Pacific War 1.5 – Opposing Sides

Pacific War 1.5 – Opposing Sides

Imperial Japanese Navy

Imperial Japanese Navy was, in 1941., third strongest navy in the world. Its core were 10 battleships. While over 20 years of age – as was the case in all other major navies – these ships had received extensive reconstructions and modernizations. Four of them had a relatively high speed of 26 knots, having been originally constructed as battlecruisers. Most powerful units were battleships Nagato and Mutsu, which displaced 33 000 tons as constructed but by 1941. their standard displacement had increased considerably, to maybe 39 000 tons. They had speed of 25 knots post-reconstruction, with range of 5 500 nautical miles at 16 knots, and armament of eight 410 mm guns. Under construction were new battleships Yamato and Musashi, which displaced 70 000 tons with speed of 27 knots, range of 7 200 nmi at 16 knots, and armament of nine 460 mm guns.

Japanese Battleship Nagato

Most important element of the Japanese Navy were aircraft carriers. Japanese naval command had placed particular emphasis on development of the naval aviation, and was the first in history to field carriers as a centerpiece of its fleets. Despite this, development of Yamato class shows that it did not wholly abandon the idea of battleship as a decisive naval unit. At start of the war, Japanese fleet had 13 aircraft carriers, and two were about to be finished. Of those, seven were actually bases for hydroplanes. As such, Japan only had six fleet aircraft carriers, plus two under construction. Most powerful operational units were Akagi and Kaga, carrying 66 and 72 aircraft, respectively. Other ships were smaller, and carrying 30 to 40 planes. Ships under construction, Zuikaku and Shokaku, were even larger, capable of carrying 72 aircraft each.

Japanese navy had a very powerful cruiser force. This was a consequence of the Washington Naval Conference, which had limited the displacement and armament of cruisers, but did not limit their quantity. Thus, Japan forcibly built cruisers and by 1939. had a very powerful force of 12 heavy and 28 light cruisers. Aside from those, Japanese Navy had 96 large and 40 small destroyers, 36 large and 22 small submarines, and a large number of auxilliary ships. In total, Japanese navy had almost 400 warships displacing 1 270 000 tons.

Japanese navy had very advanced torpedo armaments and tactics. Japanese warships utilized large Type 93 600 mm torpedoes with 500 kg warheads, whereas most other navies utilized 533 mm torpedoes with 300 kg warheads. These torpedoes also used compressed oxygen instead of compressed air, which allowed them to achieve effective range of 22 000 meters at 49 knots, while US Mark 15 achieved effective range of 4 000 meters at 46 knots. Japanese destroyers were also unique because they, in addition to torpedoes already in tubes, also had a reserve torpedo for each tube. Using these torpedoes, torpedo launchers could be reloaded in 20 minutes even in heavy sea conditions. Air-dropped torpedoes could be released from altitude of 300 meters and at speeds of up to 400 kilometers per hour.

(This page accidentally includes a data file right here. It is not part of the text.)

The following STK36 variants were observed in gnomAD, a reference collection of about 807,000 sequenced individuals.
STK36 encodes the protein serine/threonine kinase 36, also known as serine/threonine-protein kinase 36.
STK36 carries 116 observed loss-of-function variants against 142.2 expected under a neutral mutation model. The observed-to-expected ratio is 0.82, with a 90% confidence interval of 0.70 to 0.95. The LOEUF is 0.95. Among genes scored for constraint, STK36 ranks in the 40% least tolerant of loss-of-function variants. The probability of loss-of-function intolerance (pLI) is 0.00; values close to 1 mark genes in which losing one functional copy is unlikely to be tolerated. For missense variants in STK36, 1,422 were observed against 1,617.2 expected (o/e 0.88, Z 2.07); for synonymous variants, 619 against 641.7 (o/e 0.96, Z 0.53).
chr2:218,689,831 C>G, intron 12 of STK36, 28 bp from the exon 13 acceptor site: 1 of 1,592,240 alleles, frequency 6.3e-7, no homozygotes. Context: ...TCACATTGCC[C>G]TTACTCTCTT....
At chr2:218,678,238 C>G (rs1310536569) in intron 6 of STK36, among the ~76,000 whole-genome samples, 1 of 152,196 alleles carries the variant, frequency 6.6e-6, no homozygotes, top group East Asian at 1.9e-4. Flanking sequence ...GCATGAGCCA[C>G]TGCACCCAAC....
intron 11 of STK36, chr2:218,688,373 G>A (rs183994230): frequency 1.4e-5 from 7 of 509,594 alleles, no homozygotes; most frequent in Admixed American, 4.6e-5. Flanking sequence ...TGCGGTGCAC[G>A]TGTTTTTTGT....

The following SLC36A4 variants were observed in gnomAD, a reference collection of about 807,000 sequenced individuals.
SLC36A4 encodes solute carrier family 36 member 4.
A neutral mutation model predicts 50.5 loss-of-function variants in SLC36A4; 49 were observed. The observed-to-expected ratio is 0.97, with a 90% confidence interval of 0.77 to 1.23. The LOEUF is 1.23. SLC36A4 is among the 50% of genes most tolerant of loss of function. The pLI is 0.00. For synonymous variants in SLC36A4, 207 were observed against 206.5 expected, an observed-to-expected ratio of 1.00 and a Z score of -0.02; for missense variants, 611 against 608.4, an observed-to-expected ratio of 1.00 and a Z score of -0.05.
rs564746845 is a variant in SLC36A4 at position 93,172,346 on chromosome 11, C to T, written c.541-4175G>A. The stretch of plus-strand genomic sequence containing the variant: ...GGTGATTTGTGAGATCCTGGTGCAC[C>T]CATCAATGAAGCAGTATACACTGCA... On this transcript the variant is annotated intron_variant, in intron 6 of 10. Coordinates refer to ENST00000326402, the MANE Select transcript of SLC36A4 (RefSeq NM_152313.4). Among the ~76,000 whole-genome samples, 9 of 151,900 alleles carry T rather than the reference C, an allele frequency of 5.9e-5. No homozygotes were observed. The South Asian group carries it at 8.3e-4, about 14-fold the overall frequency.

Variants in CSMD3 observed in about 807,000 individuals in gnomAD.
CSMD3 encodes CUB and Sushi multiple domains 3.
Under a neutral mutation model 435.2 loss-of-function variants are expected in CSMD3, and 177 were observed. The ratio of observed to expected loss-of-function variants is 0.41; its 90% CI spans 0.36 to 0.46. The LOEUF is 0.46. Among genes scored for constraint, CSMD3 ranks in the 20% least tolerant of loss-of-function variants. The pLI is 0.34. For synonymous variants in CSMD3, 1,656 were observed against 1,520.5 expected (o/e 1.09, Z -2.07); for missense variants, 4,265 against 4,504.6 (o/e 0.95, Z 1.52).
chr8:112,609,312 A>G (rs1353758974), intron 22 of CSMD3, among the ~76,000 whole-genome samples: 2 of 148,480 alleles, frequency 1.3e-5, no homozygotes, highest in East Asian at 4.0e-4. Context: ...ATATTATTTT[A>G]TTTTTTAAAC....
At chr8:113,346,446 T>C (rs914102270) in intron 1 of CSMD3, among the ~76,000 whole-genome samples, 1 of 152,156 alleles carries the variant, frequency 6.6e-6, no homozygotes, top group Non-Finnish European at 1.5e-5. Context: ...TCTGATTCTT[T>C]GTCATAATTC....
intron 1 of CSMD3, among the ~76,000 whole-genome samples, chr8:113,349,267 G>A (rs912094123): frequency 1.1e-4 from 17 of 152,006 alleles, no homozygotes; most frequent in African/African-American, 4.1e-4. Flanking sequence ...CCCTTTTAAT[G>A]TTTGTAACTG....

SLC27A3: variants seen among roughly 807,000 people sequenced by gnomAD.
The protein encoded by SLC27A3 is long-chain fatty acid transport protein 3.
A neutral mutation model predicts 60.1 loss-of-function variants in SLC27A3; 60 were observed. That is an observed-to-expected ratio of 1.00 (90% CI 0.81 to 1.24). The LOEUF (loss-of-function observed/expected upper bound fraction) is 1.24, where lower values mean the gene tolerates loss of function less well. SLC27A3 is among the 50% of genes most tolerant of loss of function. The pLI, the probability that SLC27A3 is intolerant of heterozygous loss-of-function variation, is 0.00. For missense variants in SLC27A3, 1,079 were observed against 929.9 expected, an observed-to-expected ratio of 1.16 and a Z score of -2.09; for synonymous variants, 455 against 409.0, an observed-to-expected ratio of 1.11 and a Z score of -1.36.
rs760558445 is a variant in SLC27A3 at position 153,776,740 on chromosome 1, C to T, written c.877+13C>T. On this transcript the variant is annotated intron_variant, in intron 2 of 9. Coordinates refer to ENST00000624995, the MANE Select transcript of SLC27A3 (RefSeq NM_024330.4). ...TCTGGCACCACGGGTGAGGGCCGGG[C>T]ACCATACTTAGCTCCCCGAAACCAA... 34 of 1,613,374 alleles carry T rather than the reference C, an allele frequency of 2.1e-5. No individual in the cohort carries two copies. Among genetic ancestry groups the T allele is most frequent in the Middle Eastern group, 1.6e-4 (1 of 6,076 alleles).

Much like other major powers, Japan did not have separate air force. Instead, army and the navy each had their own air forces. Navy specifically had 1 685 aircraft in service at the outbreak of the war. These were very good, as the Japanese constantly copied the best foreign models before adding their own improvements. Therefore, their fighters, torpedo bombers and dive bombers were equal or better than the best of the foreign models. Japan also had a very advanced industry of optical devices, especially the night vision devices. On the contrary, their technology for underwater detection and radiolocation (such as radar) was primitive. This was caused in part by doctrinal issues, as the Japanese Navy was focused on the decisive battle and thus ignored auxilliary services such as minelaying, minesweeping and convoy protection, which will come back to haunt them in the second half of the Pacific war.

Army had, in the beginning of the war, 1 700 000 men, but only 12 best divisions were used in the conquest of southeastern Asia. Far more were required to hold it. In 1941., Imperial Japanese Army contained 51 division, of which 27 were stationed in China and further 13 defended the Manchurian-Soviet border. The Second Sino-Japanese War will see a more or less constant deployment of over a million men between 1941. and 1945., which in 1945. amounted to about a fifth of its total manpower. Army also had its own air force, numbering some 3 000 aircraft. Japanese military personnel underwent a very strict, harsh and technically extensive training. Navy specifically chose nothern seas for its training, both for operational security – lack of merchant traffic meant that training could be done in secrecy – and also because harsh weather made performing duties much more difficult. This training led to high rate of casualties, but over time the Japanese Navy achieved a very high level of competency. Such harsh training however also meant that it was extraordinarily difficult to replace wartime losses, and with time the once extremely competent personnel will end up being replaced by personnel who did not have even the basic skills necessary for combat.